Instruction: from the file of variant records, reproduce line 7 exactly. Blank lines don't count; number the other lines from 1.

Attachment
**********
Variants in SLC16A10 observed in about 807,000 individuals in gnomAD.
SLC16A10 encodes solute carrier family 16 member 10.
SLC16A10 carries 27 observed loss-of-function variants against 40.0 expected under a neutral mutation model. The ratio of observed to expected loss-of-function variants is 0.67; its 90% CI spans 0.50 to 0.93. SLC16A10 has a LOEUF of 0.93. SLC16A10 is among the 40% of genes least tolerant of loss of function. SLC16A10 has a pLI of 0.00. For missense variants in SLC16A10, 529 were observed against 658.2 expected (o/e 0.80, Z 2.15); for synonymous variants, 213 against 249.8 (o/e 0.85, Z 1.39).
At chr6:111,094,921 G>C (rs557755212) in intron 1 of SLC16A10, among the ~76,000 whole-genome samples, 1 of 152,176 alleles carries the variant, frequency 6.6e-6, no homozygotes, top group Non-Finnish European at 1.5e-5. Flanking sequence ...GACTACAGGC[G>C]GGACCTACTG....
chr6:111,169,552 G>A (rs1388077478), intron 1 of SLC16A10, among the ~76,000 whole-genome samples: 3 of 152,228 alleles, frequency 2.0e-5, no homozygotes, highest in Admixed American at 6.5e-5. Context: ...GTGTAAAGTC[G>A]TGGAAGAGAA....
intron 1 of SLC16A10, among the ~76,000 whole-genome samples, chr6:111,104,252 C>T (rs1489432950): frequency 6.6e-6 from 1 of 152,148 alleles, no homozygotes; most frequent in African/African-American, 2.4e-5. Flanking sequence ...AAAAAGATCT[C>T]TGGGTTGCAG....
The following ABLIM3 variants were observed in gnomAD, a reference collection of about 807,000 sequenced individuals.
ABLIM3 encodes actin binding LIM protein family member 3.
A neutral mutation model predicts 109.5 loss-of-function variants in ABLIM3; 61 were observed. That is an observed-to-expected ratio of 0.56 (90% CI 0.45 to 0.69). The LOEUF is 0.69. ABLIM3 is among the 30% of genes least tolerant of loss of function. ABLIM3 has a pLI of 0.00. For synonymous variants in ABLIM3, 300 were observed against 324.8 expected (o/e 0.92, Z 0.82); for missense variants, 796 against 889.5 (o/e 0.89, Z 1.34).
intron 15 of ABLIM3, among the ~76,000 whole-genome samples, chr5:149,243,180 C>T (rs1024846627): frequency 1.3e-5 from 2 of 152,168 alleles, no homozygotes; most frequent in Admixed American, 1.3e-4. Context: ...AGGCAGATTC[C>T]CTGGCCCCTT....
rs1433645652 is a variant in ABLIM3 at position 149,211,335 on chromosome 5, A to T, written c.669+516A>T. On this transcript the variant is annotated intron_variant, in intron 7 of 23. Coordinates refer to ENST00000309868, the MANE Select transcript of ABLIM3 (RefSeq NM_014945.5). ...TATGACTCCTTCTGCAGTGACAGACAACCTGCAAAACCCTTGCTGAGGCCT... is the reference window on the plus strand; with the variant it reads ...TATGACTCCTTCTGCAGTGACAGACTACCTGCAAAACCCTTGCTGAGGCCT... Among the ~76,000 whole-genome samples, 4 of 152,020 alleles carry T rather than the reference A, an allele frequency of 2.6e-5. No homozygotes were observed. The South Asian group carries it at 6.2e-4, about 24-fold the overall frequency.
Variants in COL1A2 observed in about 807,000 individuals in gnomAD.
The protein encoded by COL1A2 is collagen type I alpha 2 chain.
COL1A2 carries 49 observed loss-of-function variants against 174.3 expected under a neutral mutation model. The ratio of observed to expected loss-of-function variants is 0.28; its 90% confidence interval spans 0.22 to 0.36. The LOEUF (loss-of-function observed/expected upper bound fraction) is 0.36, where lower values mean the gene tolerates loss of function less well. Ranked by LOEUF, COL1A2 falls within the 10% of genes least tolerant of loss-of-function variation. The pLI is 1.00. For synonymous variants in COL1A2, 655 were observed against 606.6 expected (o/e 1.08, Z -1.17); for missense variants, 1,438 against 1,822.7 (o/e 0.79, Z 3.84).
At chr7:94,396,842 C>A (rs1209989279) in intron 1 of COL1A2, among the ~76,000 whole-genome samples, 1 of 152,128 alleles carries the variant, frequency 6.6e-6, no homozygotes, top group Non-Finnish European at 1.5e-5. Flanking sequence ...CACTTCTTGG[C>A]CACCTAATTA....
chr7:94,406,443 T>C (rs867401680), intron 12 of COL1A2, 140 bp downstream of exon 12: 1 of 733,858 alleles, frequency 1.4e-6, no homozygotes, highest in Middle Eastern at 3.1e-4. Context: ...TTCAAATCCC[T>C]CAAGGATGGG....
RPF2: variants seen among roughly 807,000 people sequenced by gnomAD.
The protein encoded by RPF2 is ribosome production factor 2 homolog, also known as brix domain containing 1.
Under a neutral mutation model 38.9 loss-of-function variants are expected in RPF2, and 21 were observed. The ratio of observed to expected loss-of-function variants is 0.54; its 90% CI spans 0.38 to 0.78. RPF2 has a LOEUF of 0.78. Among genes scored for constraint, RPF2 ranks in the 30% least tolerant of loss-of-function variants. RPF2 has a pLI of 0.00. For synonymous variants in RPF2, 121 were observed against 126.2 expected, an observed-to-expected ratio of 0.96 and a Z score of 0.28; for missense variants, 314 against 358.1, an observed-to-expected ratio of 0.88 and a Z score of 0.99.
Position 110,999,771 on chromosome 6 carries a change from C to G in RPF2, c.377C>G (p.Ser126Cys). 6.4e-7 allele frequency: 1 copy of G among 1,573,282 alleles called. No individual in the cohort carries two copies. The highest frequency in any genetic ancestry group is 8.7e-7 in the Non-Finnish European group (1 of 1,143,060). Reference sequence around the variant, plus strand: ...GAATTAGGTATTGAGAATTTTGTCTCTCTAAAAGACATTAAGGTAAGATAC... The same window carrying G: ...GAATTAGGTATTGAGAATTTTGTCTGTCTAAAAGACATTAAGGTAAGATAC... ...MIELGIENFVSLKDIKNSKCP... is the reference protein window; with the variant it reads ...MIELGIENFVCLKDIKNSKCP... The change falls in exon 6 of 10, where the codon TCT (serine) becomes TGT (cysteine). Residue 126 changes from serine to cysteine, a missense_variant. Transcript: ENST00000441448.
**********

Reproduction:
The following ABLIM3 variants were observed in gnomAD, a reference collection of about 807,000 sequenced individuals.